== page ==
Ransomware may actually benefit endpoint security in the end: the in-your-face and painful attack that blackmails organizations by locking them out of their own data and applications in exchange for money has motivated more enterprises to craft new endpoint security plans beyond traditional antivirus and host intrusion prevention systems.
The shift away from reliance on signature-based AV, HIPS, and other traditional endpoint security tools over the past three years has been a fairly gradual evolution initially inspired by concerns over nation-state actors targeting endpoints with malware that no AV would detect.
While not all organizations are APT targets, anyone can fall victim to ransomware. "In reality, most organizations are not going to be the subject of very targeted nation-state attacks, but will be subject to much broader, non-targeted opportunistic threats," says Ryan Kazanciyan, chief security architect for Tanium.
He points to ransomware as a major factor motivating enterprises to now beef up endpoint security. "Ransomware is a commodity threat that still poses an existential risk to most organizations. It absolutely" has been a driver in new endpoint security strategies for enterprises, he says.
Ransomware is the leading attack vector hitting financial services organizations and the second-most common attack hitting healthcare organizations, according to recent SANS survey data. "Ransomware attacks, in particular, have most recently driven home the need for better protection, detection, response and remediation" at the endpoint, the SANS report says.
Even so, most ransomware attacks mostly exploit old and known vulnerabilities, rather than zero-days or other unknown threats.
Beyond traditional AV, endpoint security now falls into two basic sectors: endpoint detection and response (EDR) and non-signature - or so-called next-generation - endpoint technology.
EDR burst on the scene big-time in 2015, with hundreds of millions of dollars in venture capital, and waves of startups touting client tools that catch exploits or unsavory activity on the endpoint. EDR does everything from detect unpatched bugs and suspicious events on the endpoint to isolate, investigate, and remediate it and share attack intelligence with the rest of the network when incidents occur.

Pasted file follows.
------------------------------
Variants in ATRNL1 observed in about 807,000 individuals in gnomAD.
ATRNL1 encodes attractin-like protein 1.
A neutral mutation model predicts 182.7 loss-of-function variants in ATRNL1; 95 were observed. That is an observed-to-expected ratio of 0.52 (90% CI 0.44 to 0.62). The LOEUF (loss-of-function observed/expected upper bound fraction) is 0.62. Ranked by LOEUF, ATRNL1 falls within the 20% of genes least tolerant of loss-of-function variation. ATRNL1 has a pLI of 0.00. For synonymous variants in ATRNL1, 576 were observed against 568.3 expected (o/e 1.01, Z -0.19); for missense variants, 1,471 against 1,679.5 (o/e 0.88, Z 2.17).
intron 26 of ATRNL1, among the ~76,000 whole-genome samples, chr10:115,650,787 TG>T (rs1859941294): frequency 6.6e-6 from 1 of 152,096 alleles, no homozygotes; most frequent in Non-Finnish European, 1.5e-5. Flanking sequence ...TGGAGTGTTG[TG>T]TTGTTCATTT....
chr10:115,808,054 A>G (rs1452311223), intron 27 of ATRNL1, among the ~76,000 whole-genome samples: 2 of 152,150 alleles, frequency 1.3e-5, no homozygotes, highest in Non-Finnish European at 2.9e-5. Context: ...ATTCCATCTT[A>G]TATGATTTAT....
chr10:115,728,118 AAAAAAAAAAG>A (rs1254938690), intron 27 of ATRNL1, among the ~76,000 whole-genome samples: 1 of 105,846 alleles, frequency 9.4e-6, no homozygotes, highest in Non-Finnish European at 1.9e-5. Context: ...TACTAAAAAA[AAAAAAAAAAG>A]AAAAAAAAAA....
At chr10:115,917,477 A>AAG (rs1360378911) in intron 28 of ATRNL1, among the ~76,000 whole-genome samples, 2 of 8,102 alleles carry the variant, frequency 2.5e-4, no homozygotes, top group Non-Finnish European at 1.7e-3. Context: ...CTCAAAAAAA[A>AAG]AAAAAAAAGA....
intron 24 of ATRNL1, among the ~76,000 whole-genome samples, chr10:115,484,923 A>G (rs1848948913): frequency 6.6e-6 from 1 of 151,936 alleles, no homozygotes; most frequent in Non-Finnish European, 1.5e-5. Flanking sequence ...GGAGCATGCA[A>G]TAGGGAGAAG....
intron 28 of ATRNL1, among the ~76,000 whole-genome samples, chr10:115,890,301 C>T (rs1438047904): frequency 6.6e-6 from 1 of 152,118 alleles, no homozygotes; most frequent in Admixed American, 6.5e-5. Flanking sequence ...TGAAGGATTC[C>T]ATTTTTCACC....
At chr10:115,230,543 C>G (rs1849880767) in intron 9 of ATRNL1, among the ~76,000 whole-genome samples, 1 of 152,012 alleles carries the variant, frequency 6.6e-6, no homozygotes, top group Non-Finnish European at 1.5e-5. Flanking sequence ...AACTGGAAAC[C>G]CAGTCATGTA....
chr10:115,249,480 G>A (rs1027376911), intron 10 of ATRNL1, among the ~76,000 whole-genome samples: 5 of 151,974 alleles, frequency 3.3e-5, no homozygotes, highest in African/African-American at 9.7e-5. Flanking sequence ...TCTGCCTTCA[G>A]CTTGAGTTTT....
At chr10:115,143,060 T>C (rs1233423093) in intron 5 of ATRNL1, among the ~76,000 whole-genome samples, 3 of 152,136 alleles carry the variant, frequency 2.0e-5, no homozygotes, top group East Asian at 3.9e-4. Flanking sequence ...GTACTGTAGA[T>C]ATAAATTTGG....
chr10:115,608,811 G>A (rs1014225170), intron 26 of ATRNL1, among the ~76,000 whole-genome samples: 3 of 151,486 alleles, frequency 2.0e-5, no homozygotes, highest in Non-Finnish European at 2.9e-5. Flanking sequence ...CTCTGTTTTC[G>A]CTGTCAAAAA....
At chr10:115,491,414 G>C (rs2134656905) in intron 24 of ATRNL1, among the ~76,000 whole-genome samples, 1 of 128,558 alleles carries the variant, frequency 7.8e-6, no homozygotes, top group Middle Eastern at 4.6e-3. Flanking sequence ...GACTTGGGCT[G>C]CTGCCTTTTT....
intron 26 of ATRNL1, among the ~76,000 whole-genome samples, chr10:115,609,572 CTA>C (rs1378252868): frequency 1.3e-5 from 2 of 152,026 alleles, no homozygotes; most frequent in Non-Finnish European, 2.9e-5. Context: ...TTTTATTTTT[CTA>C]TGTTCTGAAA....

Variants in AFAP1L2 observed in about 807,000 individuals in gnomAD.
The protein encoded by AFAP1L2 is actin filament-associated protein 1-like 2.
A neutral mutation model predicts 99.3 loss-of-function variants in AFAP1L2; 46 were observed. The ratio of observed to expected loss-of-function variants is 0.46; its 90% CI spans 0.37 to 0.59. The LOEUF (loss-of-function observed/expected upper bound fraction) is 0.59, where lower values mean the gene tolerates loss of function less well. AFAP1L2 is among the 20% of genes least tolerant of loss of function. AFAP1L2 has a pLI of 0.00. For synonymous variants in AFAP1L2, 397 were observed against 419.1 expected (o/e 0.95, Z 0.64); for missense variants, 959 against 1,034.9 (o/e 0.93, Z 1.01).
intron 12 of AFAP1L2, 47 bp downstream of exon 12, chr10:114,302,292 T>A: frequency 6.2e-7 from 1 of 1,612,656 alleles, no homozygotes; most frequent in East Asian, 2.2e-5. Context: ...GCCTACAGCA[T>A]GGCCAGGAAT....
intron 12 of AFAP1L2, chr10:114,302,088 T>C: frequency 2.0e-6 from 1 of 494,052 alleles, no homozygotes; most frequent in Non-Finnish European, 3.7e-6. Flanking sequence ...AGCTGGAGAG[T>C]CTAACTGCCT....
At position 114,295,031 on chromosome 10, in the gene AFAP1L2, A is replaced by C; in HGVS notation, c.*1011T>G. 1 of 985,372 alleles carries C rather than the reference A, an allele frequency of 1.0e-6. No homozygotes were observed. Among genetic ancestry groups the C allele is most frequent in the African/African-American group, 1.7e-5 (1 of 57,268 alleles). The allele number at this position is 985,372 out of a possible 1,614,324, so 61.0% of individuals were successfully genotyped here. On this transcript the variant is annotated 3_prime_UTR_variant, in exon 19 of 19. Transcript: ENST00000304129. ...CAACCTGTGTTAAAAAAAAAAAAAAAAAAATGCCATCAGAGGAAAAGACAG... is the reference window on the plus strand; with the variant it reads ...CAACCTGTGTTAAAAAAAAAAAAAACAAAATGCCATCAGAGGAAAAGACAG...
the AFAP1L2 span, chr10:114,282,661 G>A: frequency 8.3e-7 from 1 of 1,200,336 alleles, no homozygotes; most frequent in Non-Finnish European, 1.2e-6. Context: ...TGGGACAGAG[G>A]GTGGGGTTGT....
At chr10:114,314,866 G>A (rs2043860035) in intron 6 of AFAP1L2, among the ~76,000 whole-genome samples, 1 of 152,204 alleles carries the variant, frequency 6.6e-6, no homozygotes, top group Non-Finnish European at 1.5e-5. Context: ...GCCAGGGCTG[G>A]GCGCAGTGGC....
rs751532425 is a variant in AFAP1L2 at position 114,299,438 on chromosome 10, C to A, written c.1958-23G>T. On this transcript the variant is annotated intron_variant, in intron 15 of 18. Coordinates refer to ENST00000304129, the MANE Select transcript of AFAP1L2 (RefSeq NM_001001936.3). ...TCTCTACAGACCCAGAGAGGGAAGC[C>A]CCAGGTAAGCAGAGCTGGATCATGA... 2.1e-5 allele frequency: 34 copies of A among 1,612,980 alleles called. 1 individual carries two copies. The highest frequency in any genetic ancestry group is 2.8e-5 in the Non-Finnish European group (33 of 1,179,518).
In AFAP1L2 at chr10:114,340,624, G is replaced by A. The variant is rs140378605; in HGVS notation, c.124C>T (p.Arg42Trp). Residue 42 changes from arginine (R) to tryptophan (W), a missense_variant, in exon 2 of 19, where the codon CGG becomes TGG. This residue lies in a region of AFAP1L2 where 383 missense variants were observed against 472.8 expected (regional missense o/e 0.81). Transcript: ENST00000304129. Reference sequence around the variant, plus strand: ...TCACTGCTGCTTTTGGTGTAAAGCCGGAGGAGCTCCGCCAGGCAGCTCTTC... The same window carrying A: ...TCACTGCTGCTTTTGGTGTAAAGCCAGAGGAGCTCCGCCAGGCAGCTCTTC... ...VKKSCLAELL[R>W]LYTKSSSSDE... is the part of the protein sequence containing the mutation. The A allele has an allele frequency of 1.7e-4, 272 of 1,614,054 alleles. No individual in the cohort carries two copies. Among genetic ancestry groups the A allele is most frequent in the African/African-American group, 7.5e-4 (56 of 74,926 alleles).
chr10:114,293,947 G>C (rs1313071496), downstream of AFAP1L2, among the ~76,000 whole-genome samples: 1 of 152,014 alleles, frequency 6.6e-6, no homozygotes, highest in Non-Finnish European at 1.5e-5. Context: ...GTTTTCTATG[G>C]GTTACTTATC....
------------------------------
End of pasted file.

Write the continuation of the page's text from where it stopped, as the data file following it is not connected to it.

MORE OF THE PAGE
"EDR emerged as a reaction to the failure of prevention - large AV companies not stopping the threats," says Anup Ghosh, founder and CEO of Invincea.
To date, there are some 400 million "seats" or client machines running antivirus worldwide, according to Gartner, and around 40 million clients running EDR, mainly in financial, defense, pharmaceutical, and high-technology industries.
Gartner vice president Peter Firstbrook says he expects the EDR market to hit $800 million by the end of 2016: that's $300 million more than he forecasted for 2015. "There are still a bunch of EDR vendors going strong," he says of the market.
The next-generation endpoint security space—which doesn't rely on signatures to catch malware—is typically added as a supplemental layer to traditional AV. Firstbrook says there are under 10 million seats in that next-gen market so far.
A new Forrester Research report says security professionals are on the hunt for both threat prevention and detection. They're well-aware of the endpoint as ground zero for attacks, with signature-based technologies unable to fend off attacks anymore. Forrester outlines three core features to endpoint security suites today: attack prevention, detection, and remediation. That basically encompasses EDR and next-gen endpoint security.
Better and more accurate threat detection as well as automated containment of threats are two "differentiators," according to the report, authored by Forrester analyst Chris Sherman.
EDR, meanwhile, is now part of the product lines of traditional AV companies such as McAfee, Symantec, and Trend Micro. "EDR is rapidly becoming a feature" in most new endpoint security products, Gartner's Firstbrook says.
Symantec, which last week unveiled its new Symantec Endpoint Protection 14 line, has reduced its reliance on signatures by 70%, Firstbrook notes.
While attackers can automate their attacks, they can't truly automate their telltale tradecraft, he notes. That's the opening for newer endpoint security technologies. "Ransomware has to encrypt something at the end of the day. So look at: what is the application doing? If it's … encrypting things, for example, okay, you know that's ransomware" or some manual attack, he says.
"Go after the tradecraft" in mitigating the attack, he says.
But the "R" in EDR is what's holding back some organizations from adopting it. Not all enterprises have the resources to handle IR and forensics, experts note.
Meantime, Gartner's Firstbrook expects significant shakeout in the endpoint security market in 2017. "We'll probably see some acquisitions this year," too, he says.